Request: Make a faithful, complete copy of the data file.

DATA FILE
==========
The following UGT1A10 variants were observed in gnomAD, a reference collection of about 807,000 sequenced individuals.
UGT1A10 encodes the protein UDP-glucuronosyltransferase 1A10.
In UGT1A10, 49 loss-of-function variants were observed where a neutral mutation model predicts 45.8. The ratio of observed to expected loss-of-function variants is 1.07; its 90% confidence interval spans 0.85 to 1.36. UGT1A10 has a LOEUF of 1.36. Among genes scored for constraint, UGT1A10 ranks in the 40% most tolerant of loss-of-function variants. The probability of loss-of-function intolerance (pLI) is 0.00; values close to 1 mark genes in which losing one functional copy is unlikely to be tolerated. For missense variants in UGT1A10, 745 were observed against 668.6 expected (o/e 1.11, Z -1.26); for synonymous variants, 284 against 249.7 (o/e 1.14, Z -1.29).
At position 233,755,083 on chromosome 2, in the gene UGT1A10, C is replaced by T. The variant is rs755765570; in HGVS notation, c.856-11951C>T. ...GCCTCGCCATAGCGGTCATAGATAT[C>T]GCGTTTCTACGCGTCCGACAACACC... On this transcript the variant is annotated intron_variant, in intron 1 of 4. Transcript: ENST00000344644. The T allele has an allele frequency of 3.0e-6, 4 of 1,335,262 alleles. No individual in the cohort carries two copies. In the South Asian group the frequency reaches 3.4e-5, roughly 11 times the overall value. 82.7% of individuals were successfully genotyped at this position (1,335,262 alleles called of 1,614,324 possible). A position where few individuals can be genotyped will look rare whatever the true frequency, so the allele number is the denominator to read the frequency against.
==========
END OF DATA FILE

The following UGT1A10 variants were observed in gnomAD, a reference collection of about 807,000 sequenced individuals.
UGT1A10 encodes the protein UDP-glucuronosyltransferase 1A10.
In UGT1A10, 49 loss-of-function variants were observed where a neutral mutation model predicts 45.8. The ratio of observed to expected loss-of-function variants is 1.07; its 90% confidence interval spans 0.85 to 1.36. UGT1A10 has a LOEUF of 1.36. Among genes scored for constraint, UGT1A10 ranks in the 40% most tolerant of loss-of-function variants. The probability of loss-of-function intolerance (pLI) is 0.00; values close to 1 mark genes in which losing one functional copy is unlikely to be tolerated. For missense variants in UGT1A10, 745 were observed against 668.6 expected (o/e 1.11, Z -1.26); for synonymous variants, 284 against 249.7 (o/e 1.14, Z -1.29).
At position 233,755,083 on chromosome 2, in the gene UGT1A10, C is replaced by T. The variant is rs755765570; in HGVS notation, c.856-11951C>T. ...GCCTCGCCATAGCGGTCATAGATAT[C>T]GCGTTTCTACGCGTCCGACAACACC... On this transcript the variant is annotated intron_variant, in intron 1 of 4. Transcript: ENST00000344644. The T allele has an allele frequency of 3.0e-6, 4 of 1,335,262 alleles. No individual in the cohort carries two copies. In the South Asian group the frequency reaches 3.4e-5, roughly 11 times the overall value. 82.7% of individuals were successfully genotyped at this position (1,335,262 alleles called of 1,614,324 possible). A position where few individuals can be genotyped will look rare whatever the true frequency, so the allele number is the denominator to read the frequency against.